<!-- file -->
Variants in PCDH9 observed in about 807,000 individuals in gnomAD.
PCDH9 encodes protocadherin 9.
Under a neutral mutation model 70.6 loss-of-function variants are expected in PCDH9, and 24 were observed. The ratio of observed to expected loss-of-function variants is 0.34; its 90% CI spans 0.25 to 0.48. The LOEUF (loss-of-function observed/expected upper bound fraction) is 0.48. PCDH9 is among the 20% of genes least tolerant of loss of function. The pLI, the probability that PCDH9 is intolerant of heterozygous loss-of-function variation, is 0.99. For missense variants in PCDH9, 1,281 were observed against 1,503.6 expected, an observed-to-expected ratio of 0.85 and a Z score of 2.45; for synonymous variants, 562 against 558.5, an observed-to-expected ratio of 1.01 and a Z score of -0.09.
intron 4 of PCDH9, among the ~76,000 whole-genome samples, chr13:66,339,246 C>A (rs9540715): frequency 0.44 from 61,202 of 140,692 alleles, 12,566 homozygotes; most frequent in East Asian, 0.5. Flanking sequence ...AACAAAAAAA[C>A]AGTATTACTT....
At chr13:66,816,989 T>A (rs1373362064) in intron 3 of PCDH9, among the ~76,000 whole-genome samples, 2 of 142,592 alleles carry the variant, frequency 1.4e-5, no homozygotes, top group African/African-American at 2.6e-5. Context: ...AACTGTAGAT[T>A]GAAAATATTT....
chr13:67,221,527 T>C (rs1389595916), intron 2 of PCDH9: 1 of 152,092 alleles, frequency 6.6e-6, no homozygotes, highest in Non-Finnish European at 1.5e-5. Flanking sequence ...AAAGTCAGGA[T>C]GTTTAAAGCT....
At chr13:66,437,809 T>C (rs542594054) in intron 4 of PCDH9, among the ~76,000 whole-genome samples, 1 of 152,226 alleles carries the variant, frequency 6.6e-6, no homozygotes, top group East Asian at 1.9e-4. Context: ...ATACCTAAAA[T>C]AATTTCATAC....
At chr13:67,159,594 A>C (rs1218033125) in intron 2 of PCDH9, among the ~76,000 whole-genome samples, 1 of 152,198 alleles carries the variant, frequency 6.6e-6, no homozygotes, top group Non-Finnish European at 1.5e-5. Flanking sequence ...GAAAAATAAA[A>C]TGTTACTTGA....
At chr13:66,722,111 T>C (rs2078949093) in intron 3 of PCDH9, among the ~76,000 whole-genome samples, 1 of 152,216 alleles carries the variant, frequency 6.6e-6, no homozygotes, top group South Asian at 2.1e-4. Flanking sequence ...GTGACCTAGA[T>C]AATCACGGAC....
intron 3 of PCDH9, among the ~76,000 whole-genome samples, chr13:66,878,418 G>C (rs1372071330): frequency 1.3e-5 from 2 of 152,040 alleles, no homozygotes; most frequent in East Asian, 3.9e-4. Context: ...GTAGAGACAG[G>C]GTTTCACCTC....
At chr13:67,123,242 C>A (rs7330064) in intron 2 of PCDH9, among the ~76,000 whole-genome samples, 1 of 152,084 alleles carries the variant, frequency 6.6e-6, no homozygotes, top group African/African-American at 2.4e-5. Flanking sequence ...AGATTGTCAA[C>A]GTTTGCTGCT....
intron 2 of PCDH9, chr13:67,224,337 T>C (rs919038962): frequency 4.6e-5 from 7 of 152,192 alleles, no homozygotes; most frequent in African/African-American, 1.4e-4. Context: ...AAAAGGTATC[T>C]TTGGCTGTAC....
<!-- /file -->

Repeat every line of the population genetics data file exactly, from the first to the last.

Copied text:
Variants in PCDH9 observed in about 807,000 individuals in gnomAD.
PCDH9 encodes protocadherin 9.
Under a neutral mutation model 70.6 loss-of-function variants are expected in PCDH9, and 24 were observed. The ratio of observed to expected loss-of-function variants is 0.34; its 90% CI spans 0.25 to 0.48. The LOEUF (loss-of-function observed/expected upper bound fraction) is 0.48. PCDH9 is among the 20% of genes least tolerant of loss of function. The pLI, the probability that PCDH9 is intolerant of heterozygous loss-of-function variation, is 0.99. For missense variants in PCDH9, 1,281 were observed against 1,503.6 expected, an observed-to-expected ratio of 0.85 and a Z score of 2.45; for synonymous variants, 562 against 558.5, an observed-to-expected ratio of 1.01 and a Z score of -0.09.
intron 4 of PCDH9, among the ~76,000 whole-genome samples, chr13:66,339,246 C>A (rs9540715): frequency 0.44 from 61,202 of 140,692 alleles, 12,566 homozygotes; most frequent in East Asian, 0.5. Flanking sequence ...AACAAAAAAA[C>A]AGTATTACTT....
At chr13:66,816,989 T>A (rs1373362064) in intron 3 of PCDH9, among the ~76,000 whole-genome samples, 2 of 142,592 alleles carry the variant, frequency 1.4e-5, no homozygotes, top group African/African-American at 2.6e-5. Context: ...AACTGTAGAT[T>A]GAAAATATTT....
chr13:67,221,527 T>C (rs1389595916), intron 2 of PCDH9: 1 of 152,092 alleles, frequency 6.6e-6, no homozygotes, highest in Non-Finnish European at 1.5e-5. Flanking sequence ...AAAGTCAGGA[T>C]GTTTAAAGCT....
At chr13:66,437,809 T>C (rs542594054) in intron 4 of PCDH9, among the ~76,000 whole-genome samples, 1 of 152,226 alleles carries the variant, frequency 6.6e-6, no homozygotes, top group East Asian at 1.9e-4. Context: ...ATACCTAAAA[T>C]AATTTCATAC....
At chr13:67,159,594 A>C (rs1218033125) in intron 2 of PCDH9, among the ~76,000 whole-genome samples, 1 of 152,198 alleles carries the variant, frequency 6.6e-6, no homozygotes, top group Non-Finnish European at 1.5e-5. Flanking sequence ...GAAAAATAAA[A>C]TGTTACTTGA....
At chr13:66,722,111 T>C (rs2078949093) in intron 3 of PCDH9, among the ~76,000 whole-genome samples, 1 of 152,216 alleles carries the variant, frequency 6.6e-6, no homozygotes, top group South Asian at 2.1e-4. Flanking sequence ...GTGACCTAGA[T>C]AATCACGGAC....
intron 3 of PCDH9, among the ~76,000 whole-genome samples, chr13:66,878,418 G>C (rs1372071330): frequency 1.3e-5 from 2 of 152,040 alleles, no homozygotes; most frequent in East Asian, 3.9e-4. Context: ...GTAGAGACAG[G>C]GTTTCACCTC....
At chr13:67,123,242 C>A (rs7330064) in intron 2 of PCDH9, among the ~76,000 whole-genome samples, 1 of 152,084 alleles carries the variant, frequency 6.6e-6, no homozygotes, top group African/African-American at 2.4e-5. Flanking sequence ...AGATTGTCAA[C>A]GTTTGCTGCT....
intron 2 of PCDH9, chr13:67,224,337 T>C (rs919038962): frequency 4.6e-5 from 7 of 152,192 alleles, no homozygotes; most frequent in African/African-American, 1.4e-4. Context: ...AAAAGGTATC[T>C]TTGGCTGTAC....